These days we expect running watches to be more than distance and pace trackers. Increasingly, we want them to coach us too, with insights on how to improve form and train smarter.
It’s why 2017’s slew of new devices offer ever-more-detailed running dynamics, heart rate analysis and training feedback. It’s why you’d also think that a watch launched two years ago might struggle to keep up.
However, thanks to some future-proof tech at launch and subsequent updates the Garmin Forerunner 235 does just that.
Despite its age it’s still a viable choice for runners with a keen eye for performance and a bargain.
Let’s be straight, there are more feature-rich watches out there and the 235 isn’t even the best Garmin watch money can buy, but before you click away in a fit of early adopter haste, it’s worth giving the Forerunner 235 careful consideration, because this is a powerful lower-end watch with a lot going for it. Not least the price tag.
Price and availability
Because of the Forerunner 235’s age you can pick it up much cheaper than its original £299.99 / $329.99 / $AU469.00 RRP.
We’ve seen it drop a full hundred pounds below its original RRP in the UK, and if you shop around you'll likely find similar discounts in other countries, so if you’re looking for lots of run-tracking capability but on a budget, that should make it a very attractive option.
If you see it for under £170 in the UK, snap it up right away, because that's a really great deal for something that's still not been really replaced by Garmin and does a good job.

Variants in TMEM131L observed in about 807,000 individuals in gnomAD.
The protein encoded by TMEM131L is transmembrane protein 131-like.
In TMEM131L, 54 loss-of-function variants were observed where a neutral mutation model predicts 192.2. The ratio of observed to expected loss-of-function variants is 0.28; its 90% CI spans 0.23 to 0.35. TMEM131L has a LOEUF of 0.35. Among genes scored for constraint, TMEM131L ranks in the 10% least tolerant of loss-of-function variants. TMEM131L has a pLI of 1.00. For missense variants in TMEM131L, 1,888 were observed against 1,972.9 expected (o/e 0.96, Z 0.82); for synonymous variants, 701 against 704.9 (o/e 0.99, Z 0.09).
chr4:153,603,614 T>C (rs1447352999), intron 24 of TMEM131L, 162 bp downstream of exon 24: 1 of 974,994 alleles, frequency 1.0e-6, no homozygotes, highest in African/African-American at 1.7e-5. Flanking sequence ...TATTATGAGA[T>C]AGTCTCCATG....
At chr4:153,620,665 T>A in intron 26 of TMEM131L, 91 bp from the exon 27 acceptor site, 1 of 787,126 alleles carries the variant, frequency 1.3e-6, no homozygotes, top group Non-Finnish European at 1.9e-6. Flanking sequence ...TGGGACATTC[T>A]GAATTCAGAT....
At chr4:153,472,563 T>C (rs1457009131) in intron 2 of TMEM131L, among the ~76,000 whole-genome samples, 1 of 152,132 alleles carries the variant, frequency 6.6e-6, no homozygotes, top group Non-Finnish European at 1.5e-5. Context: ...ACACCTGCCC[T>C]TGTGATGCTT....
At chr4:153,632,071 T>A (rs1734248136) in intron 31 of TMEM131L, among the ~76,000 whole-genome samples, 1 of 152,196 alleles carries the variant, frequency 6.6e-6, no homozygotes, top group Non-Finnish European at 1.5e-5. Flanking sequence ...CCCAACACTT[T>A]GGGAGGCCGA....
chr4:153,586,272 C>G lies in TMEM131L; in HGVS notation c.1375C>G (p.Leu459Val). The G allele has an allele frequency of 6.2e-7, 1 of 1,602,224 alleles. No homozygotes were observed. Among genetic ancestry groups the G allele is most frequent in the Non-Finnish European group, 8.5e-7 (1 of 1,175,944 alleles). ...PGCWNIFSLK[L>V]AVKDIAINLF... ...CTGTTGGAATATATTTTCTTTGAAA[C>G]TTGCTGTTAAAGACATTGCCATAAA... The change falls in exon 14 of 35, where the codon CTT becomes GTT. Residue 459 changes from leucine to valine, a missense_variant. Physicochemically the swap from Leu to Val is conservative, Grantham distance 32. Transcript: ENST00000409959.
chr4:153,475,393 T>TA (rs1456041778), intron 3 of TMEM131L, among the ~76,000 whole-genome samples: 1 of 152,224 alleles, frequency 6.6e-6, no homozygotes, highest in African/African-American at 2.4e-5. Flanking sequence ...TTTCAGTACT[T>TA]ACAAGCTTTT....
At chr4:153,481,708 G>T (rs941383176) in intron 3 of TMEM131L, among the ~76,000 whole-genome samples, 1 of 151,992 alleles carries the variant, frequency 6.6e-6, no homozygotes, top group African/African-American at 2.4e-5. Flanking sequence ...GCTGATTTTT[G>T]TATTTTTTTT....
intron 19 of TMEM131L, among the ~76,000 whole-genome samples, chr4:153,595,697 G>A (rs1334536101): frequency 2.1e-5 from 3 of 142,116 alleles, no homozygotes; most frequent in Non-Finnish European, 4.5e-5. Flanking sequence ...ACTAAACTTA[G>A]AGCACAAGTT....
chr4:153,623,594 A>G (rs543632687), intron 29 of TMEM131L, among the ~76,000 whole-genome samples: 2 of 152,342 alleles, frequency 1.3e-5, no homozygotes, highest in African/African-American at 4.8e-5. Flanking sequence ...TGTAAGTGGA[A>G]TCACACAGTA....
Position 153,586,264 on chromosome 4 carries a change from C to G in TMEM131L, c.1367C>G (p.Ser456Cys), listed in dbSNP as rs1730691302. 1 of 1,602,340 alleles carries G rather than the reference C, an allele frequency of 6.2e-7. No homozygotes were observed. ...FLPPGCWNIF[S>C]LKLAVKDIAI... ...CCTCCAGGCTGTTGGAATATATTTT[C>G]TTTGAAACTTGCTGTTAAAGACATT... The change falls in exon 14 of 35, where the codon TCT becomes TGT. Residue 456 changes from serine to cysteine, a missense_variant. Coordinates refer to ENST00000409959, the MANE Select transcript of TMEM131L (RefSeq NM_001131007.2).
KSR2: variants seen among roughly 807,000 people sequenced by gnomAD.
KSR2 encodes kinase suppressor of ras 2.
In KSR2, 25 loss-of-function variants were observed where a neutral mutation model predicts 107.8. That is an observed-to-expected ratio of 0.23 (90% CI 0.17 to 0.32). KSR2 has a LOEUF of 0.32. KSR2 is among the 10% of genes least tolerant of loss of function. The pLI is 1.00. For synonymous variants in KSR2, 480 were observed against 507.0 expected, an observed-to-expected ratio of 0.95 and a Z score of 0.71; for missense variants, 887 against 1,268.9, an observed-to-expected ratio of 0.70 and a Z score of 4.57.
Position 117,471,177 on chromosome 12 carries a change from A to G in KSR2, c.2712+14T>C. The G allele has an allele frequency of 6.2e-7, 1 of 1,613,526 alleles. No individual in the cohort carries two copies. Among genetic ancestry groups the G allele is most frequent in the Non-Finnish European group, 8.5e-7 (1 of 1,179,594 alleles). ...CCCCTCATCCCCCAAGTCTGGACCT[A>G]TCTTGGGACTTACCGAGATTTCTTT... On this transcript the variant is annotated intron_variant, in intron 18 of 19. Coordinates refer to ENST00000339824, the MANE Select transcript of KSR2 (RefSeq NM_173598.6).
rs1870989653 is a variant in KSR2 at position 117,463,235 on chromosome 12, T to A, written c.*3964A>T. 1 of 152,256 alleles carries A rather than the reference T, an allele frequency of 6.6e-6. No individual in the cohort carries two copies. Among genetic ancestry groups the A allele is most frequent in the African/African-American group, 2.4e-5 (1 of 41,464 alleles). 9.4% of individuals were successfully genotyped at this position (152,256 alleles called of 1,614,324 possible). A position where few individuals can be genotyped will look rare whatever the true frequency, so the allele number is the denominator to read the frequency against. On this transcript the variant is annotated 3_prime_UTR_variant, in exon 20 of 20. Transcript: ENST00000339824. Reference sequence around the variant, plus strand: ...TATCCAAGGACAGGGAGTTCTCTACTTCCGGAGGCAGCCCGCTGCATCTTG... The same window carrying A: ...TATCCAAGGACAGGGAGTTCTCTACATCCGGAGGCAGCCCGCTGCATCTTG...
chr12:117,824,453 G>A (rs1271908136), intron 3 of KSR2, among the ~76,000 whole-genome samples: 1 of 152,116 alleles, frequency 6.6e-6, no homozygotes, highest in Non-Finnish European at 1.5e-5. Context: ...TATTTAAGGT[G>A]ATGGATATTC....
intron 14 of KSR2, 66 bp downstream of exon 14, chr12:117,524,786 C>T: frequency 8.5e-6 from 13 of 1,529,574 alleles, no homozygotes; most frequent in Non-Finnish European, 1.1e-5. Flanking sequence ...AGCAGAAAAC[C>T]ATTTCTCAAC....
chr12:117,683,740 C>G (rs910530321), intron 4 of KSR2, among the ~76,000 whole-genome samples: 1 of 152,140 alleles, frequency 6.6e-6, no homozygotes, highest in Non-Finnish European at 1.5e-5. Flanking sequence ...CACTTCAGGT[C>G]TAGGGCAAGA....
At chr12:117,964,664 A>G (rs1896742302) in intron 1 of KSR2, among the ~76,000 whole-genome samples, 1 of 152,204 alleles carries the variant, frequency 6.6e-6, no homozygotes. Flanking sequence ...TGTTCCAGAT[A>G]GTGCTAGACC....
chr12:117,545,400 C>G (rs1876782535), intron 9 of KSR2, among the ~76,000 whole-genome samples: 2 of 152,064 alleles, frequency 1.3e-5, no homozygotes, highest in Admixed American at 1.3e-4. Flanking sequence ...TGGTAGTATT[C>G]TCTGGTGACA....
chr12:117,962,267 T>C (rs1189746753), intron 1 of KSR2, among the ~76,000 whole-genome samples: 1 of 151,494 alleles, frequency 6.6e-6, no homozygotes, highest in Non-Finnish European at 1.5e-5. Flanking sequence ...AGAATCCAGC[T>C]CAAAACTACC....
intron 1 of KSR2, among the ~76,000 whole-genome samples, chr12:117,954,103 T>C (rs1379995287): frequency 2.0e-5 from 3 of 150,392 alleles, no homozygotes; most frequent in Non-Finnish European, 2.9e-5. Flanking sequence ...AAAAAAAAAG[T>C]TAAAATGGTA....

Design, comfort and usability
- Crisp color screen
- Comfortable silicone strap
- Heart rate sensor compromises comfort
Sport watches are rarely stylish and though the Forerunner 235 is still unmistakably a Garmin, it’s among the better-looking run trackers you can buy. It comes in three color combinations: black and frost blue, black and red and black and grey, and there’s some smart subtlety to the latter two.
There’s a classic round-faced, 1.23-inch diameter color screen that’s crisp and easy to read in most light, with enough real estate to display up to four stats on two customizable screens.
If you’re a fan of touchscreens then the lack of one here might disappoint, instead you get five side buttons to navigate your way through Garmin’s relatively simple menus.
The perforated soft silicone strap makes for a more comfortable, less sweaty run, particularly useful over longer distances and considering you’ll need to wear this a little tighter on the wrist to get the best accuracy from the built-in optical heart rate sensor.
That said, comfort is compromised somewhere thanks to the fact the Forerunner 235’s sensor protrudes more than you’ll find on the likes of the Polar M430 and it can dig in a little on longer runs.
The buttons are responsive and easy enough to use on the move though and the whole thing weighs in at just 42g, which makes it one of the lighter watches you can strap on, though some people might not like the overall plastic feel that’s clearly helped shave off some grams.